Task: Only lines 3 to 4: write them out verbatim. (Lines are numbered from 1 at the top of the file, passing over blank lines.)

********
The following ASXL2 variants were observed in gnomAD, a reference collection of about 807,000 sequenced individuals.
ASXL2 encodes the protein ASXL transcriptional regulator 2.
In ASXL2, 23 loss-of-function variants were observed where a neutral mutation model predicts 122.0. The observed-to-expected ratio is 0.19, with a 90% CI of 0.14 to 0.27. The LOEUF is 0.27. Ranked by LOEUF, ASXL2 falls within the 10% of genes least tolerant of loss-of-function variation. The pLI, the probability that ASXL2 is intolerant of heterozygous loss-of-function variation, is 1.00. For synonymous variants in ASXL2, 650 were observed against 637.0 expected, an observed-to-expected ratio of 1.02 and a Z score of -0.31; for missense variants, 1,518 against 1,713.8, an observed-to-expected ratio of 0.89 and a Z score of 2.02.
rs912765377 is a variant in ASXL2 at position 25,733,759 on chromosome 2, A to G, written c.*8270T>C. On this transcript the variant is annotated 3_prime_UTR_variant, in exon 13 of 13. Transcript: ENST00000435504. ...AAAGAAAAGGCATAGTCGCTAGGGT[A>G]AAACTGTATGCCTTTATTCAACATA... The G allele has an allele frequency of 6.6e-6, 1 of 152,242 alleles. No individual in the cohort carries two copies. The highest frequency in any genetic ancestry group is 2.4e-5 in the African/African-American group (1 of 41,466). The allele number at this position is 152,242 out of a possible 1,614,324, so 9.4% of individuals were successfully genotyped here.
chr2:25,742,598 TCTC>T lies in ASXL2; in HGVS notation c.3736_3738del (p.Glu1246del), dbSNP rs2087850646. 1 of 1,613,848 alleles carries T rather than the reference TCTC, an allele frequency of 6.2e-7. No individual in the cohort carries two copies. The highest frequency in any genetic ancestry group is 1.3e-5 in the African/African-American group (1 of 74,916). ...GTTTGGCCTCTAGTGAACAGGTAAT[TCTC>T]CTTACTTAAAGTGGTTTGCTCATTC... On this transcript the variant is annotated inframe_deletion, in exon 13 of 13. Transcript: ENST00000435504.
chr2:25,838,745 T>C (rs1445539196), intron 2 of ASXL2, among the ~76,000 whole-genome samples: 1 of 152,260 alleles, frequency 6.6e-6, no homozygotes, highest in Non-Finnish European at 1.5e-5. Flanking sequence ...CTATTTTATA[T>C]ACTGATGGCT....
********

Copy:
In ASXL2, 23 loss-of-function variants were observed where a neutral mutation model predicts 122.0. The observed-to-expected ratio is 0.19, with a 90% CI of 0.14 to 0.27. The LOEUF is 0.27. Ranked by LOEUF, ASXL2 falls within the 10% of genes least tolerant of loss-of-function variation. The pLI, the probability that ASXL2 is intolerant of heterozygous loss-of-function variation, is 1.00. For synonymous variants in ASXL2, 650 were observed against 637.0 expected, an observed-to-expected ratio of 1.02 and a Z score of -0.31; for missense variants, 1,518 against 1,713.8, an observed-to-expected ratio of 0.89 and a Z score of 2.02.
rs912765377 is a variant in ASXL2 at position 25,733,759 on chromosome 2, A to G, written c.*8270T>C. On this transcript the variant is annotated 3_prime_UTR_variant, in exon 13 of 13. Transcript: ENST00000435504. ...AAAGAAAAGGCATAGTCGCTAGGGT[A>G]AAACTGTATGCCTTTATTCAACATA... The G allele has an allele frequency of 6.6e-6, 1 of 152,242 alleles. No individual in the cohort carries two copies. The highest frequency in any genetic ancestry group is 2.4e-5 in the African/African-American group (1 of 41,466). The allele number at this position is 152,242 out of a possible 1,614,324, so 9.4% of individuals were successfully genotyped here.